Both Broadcom’s and CA Technologies share prices abruptly fell this week after a memo circulated purporting to be from the US Department of Defense.
The memo cited the need for review by the Committee on Foreign Investment in the United States (“CFIUS”) into Broadcom’s $19 billion CA Technologies acquisition.
Broadcom wrote this week: “We have been informed by DoD officials that this memo is in fact a forged document.”
The company added: “Broadcom and CA Technologies are both American companies, and there is no basis in fact or law for CFIUS review of our pending transaction. We have received HSR clearance and the approval of CA shareholders, and we have a clear path to completing the transaction in the fourth calendar quarter of 2018.”
Previously Singapore-based, Broadcom re-domiciled to the US in April this year.
Broadcom’s shares fell 4 percent after the initial reports of the memo, CA Technologies fell 5 percent. Both have since pared the majority of the losses.
The fake letter circulated as Kentucky Senator Rand Paul (allegedly independently and without having seen the letter) wrote to the Treasury to “express concerns” at the acquisition. He described Broadcom as “Chinese-controlled”.
Dan Primack of Axios, who received a copy of the letter on Monday, wrote “Assuming the memo was indeed fraudulent, then we might have just entered a new phase of short-seller espionage.”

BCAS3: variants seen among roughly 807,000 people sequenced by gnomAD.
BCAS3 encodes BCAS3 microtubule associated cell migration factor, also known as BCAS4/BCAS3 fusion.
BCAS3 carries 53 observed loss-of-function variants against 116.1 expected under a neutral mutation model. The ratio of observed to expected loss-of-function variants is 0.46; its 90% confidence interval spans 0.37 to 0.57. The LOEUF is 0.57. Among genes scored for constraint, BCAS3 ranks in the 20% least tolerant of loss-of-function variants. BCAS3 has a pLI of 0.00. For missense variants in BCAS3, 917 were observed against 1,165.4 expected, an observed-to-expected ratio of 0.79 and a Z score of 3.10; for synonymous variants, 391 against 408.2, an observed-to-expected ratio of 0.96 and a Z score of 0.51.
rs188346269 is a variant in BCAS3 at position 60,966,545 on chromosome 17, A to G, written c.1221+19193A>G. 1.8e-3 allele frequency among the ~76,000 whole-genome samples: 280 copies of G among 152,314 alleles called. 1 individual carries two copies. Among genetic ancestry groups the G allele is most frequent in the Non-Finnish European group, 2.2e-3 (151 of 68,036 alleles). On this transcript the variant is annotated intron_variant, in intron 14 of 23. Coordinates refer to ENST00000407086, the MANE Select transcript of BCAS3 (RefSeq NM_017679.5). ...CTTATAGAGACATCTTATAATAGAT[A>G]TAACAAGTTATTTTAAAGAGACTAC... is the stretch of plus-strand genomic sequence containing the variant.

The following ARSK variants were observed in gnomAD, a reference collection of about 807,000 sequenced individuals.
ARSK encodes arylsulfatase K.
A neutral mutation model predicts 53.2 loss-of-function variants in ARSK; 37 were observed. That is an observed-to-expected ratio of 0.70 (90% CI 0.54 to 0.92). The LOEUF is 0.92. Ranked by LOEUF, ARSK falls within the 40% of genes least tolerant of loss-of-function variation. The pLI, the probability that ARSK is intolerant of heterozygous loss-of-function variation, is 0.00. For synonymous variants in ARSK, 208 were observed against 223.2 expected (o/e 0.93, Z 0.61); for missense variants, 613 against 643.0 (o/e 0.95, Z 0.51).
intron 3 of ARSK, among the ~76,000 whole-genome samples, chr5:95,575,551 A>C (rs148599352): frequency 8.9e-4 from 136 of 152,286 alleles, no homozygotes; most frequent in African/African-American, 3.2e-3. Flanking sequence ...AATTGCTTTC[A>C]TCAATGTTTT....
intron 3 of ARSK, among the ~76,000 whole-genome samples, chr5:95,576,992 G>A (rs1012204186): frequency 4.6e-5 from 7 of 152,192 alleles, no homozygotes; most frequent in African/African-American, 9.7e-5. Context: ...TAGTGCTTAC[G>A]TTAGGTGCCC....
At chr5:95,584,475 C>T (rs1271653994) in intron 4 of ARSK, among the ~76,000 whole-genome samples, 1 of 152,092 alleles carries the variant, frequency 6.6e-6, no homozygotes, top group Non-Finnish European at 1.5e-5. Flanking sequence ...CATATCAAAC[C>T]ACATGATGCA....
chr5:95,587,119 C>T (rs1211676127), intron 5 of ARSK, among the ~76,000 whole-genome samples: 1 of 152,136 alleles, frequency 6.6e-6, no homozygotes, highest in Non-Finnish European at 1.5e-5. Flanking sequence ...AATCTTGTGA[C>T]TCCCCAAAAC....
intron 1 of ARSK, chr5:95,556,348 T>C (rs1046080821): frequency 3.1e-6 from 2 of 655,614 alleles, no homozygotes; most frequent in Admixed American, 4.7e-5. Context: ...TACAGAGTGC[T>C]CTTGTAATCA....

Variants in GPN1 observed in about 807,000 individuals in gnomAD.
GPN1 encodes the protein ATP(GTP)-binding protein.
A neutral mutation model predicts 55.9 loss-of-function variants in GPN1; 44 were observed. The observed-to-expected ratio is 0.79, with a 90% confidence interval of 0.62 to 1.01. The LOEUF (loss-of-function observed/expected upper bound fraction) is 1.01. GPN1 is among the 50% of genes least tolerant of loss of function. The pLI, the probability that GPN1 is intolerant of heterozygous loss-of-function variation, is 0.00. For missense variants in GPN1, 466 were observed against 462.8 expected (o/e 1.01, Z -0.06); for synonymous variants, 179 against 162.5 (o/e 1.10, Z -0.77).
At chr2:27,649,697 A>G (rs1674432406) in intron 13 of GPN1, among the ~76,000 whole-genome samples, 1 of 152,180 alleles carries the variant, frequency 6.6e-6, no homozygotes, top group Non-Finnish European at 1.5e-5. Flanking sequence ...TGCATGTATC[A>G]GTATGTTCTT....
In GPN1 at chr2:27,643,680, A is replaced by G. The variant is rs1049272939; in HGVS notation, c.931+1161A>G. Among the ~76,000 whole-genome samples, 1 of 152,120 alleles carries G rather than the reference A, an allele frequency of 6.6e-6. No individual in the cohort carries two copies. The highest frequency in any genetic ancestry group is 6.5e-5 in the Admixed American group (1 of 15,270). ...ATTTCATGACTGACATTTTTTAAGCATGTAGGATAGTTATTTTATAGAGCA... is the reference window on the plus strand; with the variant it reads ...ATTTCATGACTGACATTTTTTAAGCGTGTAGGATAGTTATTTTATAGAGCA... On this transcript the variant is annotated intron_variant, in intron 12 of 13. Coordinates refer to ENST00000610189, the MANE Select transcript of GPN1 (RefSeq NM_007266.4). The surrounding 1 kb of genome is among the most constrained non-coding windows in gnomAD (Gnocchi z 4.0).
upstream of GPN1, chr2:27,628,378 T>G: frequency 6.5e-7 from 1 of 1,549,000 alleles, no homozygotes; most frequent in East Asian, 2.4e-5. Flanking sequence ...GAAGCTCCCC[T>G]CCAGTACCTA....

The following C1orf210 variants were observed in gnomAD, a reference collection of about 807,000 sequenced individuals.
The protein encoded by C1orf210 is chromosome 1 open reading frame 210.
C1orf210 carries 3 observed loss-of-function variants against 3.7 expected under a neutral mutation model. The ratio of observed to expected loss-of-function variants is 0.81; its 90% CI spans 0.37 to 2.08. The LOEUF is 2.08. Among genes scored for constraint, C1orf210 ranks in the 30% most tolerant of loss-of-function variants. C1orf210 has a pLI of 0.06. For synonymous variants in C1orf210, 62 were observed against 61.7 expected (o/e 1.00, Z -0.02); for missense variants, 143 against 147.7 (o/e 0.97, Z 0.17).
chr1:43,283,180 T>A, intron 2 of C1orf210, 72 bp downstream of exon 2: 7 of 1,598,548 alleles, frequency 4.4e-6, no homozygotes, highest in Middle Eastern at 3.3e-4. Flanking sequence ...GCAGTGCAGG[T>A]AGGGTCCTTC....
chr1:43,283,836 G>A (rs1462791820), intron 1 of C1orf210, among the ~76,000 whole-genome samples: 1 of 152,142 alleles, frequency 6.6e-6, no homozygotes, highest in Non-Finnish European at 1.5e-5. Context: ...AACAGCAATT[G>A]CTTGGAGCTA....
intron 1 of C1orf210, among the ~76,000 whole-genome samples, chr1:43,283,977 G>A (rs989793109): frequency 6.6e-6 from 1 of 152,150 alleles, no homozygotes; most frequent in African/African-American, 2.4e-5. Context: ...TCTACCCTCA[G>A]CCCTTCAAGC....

The letter comes as experts earlier told Computer Business Review that CFIUS is increasingly exercising its ability to question foreign acquisitions.
The letter was lent credibility by the fact that CFIUS had helped block a planned $117 billion (£84 billion) takeover of US chip giant Qualcomm by Broadcom earlier this year.
There is “credible evidence” that the hostile takeover would result in “action that threatens to impair the national security of the United States, the White House claimed today, issuing an order blocking the takeover and ordering Qualcomm to reconvene its 2018 AGM on the earliest possible date – confirmed by the company as March 23, 2018.
Broadcom, which was ordered to “immediately and permanently abandon the proposed takeover,” said at the time that it “strongly disagrees that its proposed acquisition of Qualcomm raises any national security concerns.”